Flood water is “nonpartisan”. It goes where ever it wants, whenever it wants. Starting in Willowbrook weeks ago, it has continued to damage properties and infrastructure. Local champions like Michelle Weisheit continue to raise issues that need to be addressed by all levels of governments looking to the future of flood control. Coral Brown and her volunteers at Twin Lakes have lobbied for years for a better storage and flood management plan for their Watershed.
The water has been unforgiving- taking the path of least resistance- as the people of Sportsman’s Bowl can attest to and those in Park Rill, as the water made its way to the river. Every community in my riding of Boundary-Similkameen has been under a state of emergency and continues to be until the snow pack is gone. Okanagan Falls residents along Shuttleworth Creek were forced to a hasty retreat, and while it was only temporary, the damage had been done.
In Princeton, the rising Tulameen River forced many evacuations and from Princeton to Hedley, Keremeos, Cawston and the Lower Similkameen First Nations, the unpredictable Similkameen River and incredibly high ground water continues to be a major concern.
And all that water ends up in Osoyoos Lake. A “ thumbs up “ to Mayor Sue McKortoff who not only filled sandbags on Mother’s Day, but made sure the press put out a good news story about the Tourist Attractions not impacted by flood waters in Osoyoos for the May Holiday weekend.
Special thanks to the Keremeos Elks who put on a great rodeo and parade, in spite of the ongoing flood issues.
We have for years allowed people and whole communities to develop and build on what is traditionally a “flood plain”. This is the second year that flooding has occurred in these areas and going forward there does not appear to be an end in sight. The ground water continued to remain above the old norms last year even after a long hot summer- starting this year’s flood season with the ground already saturated. Will it be any different next year?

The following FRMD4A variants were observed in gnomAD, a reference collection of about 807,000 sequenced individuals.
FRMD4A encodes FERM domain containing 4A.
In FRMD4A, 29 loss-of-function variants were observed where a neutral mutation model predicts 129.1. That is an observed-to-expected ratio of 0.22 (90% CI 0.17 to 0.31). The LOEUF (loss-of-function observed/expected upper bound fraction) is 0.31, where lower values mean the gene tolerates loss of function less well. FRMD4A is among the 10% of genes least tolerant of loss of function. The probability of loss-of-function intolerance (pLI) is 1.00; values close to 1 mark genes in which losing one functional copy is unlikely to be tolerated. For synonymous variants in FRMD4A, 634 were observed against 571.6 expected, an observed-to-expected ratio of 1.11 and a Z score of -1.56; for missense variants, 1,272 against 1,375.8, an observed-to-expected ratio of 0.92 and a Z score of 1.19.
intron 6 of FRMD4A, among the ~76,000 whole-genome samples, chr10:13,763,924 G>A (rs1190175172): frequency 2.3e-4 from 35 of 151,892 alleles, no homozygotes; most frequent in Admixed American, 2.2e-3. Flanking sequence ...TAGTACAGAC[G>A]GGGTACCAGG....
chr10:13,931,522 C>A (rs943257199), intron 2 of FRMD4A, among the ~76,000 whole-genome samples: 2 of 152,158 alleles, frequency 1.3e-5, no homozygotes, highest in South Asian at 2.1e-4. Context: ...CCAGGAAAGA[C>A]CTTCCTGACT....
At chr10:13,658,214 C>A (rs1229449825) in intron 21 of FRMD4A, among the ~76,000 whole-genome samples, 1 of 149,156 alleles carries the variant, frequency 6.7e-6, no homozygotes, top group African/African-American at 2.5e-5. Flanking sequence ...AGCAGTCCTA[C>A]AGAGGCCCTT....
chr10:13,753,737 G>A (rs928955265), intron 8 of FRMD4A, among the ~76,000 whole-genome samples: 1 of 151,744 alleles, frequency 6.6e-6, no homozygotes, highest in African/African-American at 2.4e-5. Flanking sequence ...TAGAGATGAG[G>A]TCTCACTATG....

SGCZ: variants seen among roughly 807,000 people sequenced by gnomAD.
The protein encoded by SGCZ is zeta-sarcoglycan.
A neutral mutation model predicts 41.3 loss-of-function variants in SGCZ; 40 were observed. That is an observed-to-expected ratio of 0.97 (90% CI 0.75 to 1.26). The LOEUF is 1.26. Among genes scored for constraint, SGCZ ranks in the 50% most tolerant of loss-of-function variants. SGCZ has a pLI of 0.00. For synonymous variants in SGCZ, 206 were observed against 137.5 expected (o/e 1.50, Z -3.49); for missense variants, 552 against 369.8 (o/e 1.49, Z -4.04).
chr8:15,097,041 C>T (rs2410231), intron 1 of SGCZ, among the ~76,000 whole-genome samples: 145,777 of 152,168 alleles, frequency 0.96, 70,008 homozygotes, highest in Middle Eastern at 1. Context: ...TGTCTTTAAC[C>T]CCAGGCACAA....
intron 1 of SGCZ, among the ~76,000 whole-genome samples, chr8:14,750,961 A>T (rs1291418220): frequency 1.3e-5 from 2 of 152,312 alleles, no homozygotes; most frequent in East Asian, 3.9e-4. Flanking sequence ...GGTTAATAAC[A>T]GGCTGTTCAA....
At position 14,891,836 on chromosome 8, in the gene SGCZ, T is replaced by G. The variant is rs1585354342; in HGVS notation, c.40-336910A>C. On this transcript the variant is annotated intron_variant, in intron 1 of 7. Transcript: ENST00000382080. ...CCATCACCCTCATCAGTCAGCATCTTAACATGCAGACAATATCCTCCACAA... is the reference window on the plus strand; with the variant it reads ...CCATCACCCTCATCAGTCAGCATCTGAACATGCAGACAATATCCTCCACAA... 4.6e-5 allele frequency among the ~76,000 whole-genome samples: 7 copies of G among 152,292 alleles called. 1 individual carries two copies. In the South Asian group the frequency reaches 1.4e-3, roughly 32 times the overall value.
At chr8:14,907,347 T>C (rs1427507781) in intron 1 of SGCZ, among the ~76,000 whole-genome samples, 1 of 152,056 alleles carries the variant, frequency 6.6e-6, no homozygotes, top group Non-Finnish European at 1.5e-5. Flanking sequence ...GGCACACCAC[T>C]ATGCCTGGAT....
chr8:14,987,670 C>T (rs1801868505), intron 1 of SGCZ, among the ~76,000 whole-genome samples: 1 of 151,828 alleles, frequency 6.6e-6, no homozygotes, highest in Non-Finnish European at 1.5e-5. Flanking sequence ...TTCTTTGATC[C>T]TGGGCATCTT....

There will be several meetings when this flood season is over and I know it is important for all of you to be involved in the talks going forward. It is time to draw on the “local knowledge” to ensure a flood mitigation plan that will have positive results.
Please stay away from our very dangerous rivers for the next several weeks and thank you to all who stepped up to help out your neighbour’s over the past several weeks.
MLA Linda Larson
Tonight MP Richard Cannings’ Bill C-354 an Act to amend the Department of Public Works and Government Services Act, (Use of Wood) passed its final vote in the House of Commons. The bill will now be sent to the Senate for debate. Bill C-354 proposes to require the federal government to consider the use of wood in federal infrastructure projects, taking into account the associated reductions in greenhouse gas emissions by using wood products or other environmental measures.
“I want to thank all of my colleagues from all parties who supported C-354 and worked with me through out to make this bill the best it could be” said Cannings. “It’s gratifying to see so many MPs from so many different backgrounds rally around this measure that will help sustain the Canadian forestry sector and promote environmentally friendly construction.”
The bill will now go to the Senate for debate, to commence at a date yet to be determined. “I look forward to working with the members of the Upper Chamber towards the passage of this important piece of legislation.” said Cannings.
“In South Okanagan – West Kootenay, we know that the forest industry is the important to many of our communities. Companies like Structurlam show us daily that the wood building sector is on the cutting edge of new, green building solutions. I am proud to advocate for this sector, for the solutions they are bringing forward and to support the community-sustaining jobs that they bring to our communities.”
Ongoing flood risk from this season’s snow pack is primarily associated with the remaining mid-to-upper elevation snowpack. In low-to-mid elevation watersheds, snow melt risks have subsided.
Except for watersheds draining high mountain terrain, risks from snow melt are expected to last another 1-3 weeks. This primarily includes the Okanagan Lake system, Fraser River, South Thompson River (including Shuswap Lake and Mabel Lake), North Thompson River and Kootenay region.
Future risks of flooding beyond that period will largely be the associated with heavy rainfall events. The River Forecast Centre will continue to monitor snow pack conditions and will provide an updated seasonal flood risk forecast in the June 1st 2018 bulletin, which is scheduled for release on June 7th.
BC River Forecast Centre
In cooperation with the Oliver RCMP and School District #53, members of the RCMP South Okanagan Traffic Services Unit have begun a new approach to local school bus enforcement.